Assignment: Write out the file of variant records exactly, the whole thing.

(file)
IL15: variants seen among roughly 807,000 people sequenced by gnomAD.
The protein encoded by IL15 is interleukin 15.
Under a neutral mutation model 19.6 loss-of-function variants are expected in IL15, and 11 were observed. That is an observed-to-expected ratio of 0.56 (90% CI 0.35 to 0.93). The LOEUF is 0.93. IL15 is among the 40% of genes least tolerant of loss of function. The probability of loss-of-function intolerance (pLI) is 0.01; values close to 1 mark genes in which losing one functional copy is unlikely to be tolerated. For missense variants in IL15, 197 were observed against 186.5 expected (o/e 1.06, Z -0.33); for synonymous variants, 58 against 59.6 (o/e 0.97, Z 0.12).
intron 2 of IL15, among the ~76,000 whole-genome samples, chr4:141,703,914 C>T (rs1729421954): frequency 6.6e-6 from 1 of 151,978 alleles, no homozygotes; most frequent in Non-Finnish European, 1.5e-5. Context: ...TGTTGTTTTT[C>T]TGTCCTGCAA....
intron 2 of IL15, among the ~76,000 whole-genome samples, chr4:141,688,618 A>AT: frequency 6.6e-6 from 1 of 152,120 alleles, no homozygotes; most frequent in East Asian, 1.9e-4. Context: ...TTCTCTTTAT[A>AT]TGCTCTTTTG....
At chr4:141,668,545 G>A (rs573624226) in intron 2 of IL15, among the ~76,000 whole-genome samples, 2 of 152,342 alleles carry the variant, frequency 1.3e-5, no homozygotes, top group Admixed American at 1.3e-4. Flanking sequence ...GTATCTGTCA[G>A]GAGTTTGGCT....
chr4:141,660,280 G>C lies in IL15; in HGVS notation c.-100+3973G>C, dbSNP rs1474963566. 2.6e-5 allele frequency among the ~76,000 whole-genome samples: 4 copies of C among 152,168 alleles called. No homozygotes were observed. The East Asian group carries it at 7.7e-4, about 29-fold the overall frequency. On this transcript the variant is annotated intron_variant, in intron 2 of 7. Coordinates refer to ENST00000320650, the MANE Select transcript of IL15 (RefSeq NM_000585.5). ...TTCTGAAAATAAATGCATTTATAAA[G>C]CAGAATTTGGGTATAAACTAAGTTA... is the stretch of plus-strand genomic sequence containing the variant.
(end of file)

IL15: variants seen among roughly 807,000 people sequenced by gnomAD.
The protein encoded by IL15 is interleukin 15.
Under a neutral mutation model 19.6 loss-of-function variants are expected in IL15, and 11 were observed. That is an observed-to-expected ratio of 0.56 (90% CI 0.35 to 0.93). The LOEUF is 0.93. IL15 is among the 40% of genes least tolerant of loss of function. The probability of loss-of-function intolerance (pLI) is 0.01; values close to 1 mark genes in which losing one functional copy is unlikely to be tolerated. For missense variants in IL15, 197 were observed against 186.5 expected (o/e 1.06, Z -0.33); for synonymous variants, 58 against 59.6 (o/e 0.97, Z 0.12).
intron 2 of IL15, among the ~76,000 whole-genome samples, chr4:141,703,914 C>T (rs1729421954): frequency 6.6e-6 from 1 of 151,978 alleles, no homozygotes; most frequent in Non-Finnish European, 1.5e-5. Context: ...TGTTGTTTTT[C>T]TGTCCTGCAA....
intron 2 of IL15, among the ~76,000 whole-genome samples, chr4:141,688,618 A>AT: frequency 6.6e-6 from 1 of 152,120 alleles, no homozygotes; most frequent in East Asian, 1.9e-4. Context: ...TTCTCTTTAT[A>AT]TGCTCTTTTG....
At chr4:141,668,545 G>A (rs573624226) in intron 2 of IL15, among the ~76,000 whole-genome samples, 2 of 152,342 alleles carry the variant, frequency 1.3e-5, no homozygotes, top group Admixed American at 1.3e-4. Flanking sequence ...GTATCTGTCA[G>A]GAGTTTGGCT....
chr4:141,660,280 G>C lies in IL15; in HGVS notation c.-100+3973G>C, dbSNP rs1474963566. 2.6e-5 allele frequency among the ~76,000 whole-genome samples: 4 copies of C among 152,168 alleles called. No homozygotes were observed. The East Asian group carries it at 7.7e-4, about 29-fold the overall frequency. On this transcript the variant is annotated intron_variant, in intron 2 of 7. Coordinates refer to ENST00000320650, the MANE Select transcript of IL15 (RefSeq NM_000585.5). ...TTCTGAAAATAAATGCATTTATAAA[G>C]CAGAATTTGGGTATAAACTAAGTTA... is the stretch of plus-strand genomic sequence containing the variant.